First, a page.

Conservation Music Malawi (CMMW) is pleased to announce the release of “Ndizothekera” by Lilongwe based songbird cum environmentalist Angela Mizinga commonly known as Tigris.

“Ndizothekera” is an Afro Pop song which highlights the effects of climate change, floods in particular.

The song’s theme is therefore centered on best practices to avoid and mitigate the effects of floods.

“Ndizothekera” emphasizes on the possibility of people to relocate from lower flood prone areas to uplands which are safe.

Furthermore, “Ndizothekera” highlights on the need to listen to environmental and weather experts.

“The message is simple but very important. Floods are preventable. Let’s avoid cutting down trees carelessly, replant trees on bare lands and relocate to uplands. More importantly, let’s listen to what environmental and weather experts are telling us,” remarks Tigris who is also a radio/TV personality working with Timveni Child and Youth Media Organization.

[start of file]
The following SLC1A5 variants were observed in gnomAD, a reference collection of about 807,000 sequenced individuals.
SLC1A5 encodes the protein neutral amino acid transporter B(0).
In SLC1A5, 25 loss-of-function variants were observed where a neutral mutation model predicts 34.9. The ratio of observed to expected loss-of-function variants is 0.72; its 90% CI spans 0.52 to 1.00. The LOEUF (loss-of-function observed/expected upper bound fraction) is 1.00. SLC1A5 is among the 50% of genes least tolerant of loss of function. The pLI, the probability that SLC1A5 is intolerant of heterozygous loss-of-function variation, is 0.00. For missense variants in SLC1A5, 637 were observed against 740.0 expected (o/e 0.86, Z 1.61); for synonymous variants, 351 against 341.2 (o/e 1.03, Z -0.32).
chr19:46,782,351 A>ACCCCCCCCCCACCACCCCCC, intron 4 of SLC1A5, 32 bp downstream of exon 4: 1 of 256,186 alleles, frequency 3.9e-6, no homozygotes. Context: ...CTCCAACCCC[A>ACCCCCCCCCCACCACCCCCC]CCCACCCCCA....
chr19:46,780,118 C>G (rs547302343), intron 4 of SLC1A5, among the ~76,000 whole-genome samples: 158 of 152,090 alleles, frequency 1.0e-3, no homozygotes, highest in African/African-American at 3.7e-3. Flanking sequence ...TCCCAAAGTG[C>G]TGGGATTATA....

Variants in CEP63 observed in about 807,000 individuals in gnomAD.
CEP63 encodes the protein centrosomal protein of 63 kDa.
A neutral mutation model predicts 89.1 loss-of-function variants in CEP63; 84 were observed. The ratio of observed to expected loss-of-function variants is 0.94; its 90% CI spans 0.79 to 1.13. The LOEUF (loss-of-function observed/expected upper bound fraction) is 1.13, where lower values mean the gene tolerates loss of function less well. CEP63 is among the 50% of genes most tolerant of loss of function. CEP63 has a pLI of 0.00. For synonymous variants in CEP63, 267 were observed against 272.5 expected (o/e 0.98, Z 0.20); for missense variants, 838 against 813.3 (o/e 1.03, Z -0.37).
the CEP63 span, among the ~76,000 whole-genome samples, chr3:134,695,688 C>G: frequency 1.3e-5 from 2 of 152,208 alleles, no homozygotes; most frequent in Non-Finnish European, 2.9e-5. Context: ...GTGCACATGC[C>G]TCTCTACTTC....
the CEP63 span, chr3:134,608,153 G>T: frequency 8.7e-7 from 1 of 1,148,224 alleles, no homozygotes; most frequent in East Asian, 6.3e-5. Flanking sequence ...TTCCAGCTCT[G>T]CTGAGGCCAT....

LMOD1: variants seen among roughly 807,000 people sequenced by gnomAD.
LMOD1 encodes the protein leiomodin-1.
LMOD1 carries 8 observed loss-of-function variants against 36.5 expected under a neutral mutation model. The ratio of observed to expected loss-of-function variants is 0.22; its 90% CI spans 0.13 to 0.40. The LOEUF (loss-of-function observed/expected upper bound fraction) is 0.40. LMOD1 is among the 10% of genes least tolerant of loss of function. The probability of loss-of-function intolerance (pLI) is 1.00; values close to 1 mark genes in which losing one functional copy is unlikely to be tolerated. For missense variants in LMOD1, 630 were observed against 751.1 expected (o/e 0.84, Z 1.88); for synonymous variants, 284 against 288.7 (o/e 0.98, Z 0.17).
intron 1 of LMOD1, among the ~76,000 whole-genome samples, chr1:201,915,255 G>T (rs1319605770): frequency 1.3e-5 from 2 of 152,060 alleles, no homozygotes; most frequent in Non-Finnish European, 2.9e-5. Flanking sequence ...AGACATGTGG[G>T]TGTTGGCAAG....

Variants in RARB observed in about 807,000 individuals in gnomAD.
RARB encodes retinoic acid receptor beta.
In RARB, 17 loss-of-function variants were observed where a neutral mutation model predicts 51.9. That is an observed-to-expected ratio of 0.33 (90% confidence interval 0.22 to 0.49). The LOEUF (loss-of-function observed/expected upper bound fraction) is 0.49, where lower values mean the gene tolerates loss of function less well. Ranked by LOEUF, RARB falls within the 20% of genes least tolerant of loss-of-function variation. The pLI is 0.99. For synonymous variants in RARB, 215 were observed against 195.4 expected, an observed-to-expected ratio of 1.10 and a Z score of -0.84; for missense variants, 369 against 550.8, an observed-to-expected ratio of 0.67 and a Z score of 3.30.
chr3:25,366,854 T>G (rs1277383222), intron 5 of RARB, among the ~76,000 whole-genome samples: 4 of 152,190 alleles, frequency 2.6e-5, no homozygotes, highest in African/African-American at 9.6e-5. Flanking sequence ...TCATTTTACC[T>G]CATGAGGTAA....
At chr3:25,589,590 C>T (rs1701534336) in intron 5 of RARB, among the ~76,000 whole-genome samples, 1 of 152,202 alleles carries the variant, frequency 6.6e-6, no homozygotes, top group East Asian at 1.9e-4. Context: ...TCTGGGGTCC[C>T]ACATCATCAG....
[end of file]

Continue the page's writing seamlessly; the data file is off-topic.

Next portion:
In recent years, Malawi has been experiencing climate change related disasters such as floods and droughts.

“Ndizothekera” also came third in the 2019 Tikonzekere Arts Contests: Communicating Flood Vulnerability Reduction Good Practices through Arts in Malawi which was conducted in partnership with Department of Disaster Management (DoDma) and UNDP.

“Ndizothekera” was produced by Janta of SU Records and has been released by Conservation Music Malawi on behalf of Tikonzekere Arts.

The video is also available for streaming and downloads on YouTube.

Conservation Music Malawi Secretary, Wezzie Chisenga says, “Conservation Music Malawi utilizes the catalytic power of art to deliver environmental education with the vision of building a global community that stewards the Earth, in which the memorable, emotional, and unifying power of art contributes to the balance between humankind, nature, and society.”

Chisenga adds, “We are proud to release ” Ndizothekera” by Tigris who is also a Conservation Music Malawi artist. The release is strategic knowing that we are in the rain season. We would like to warn those living in lower lands close to rivers to relocate to safe lands.”

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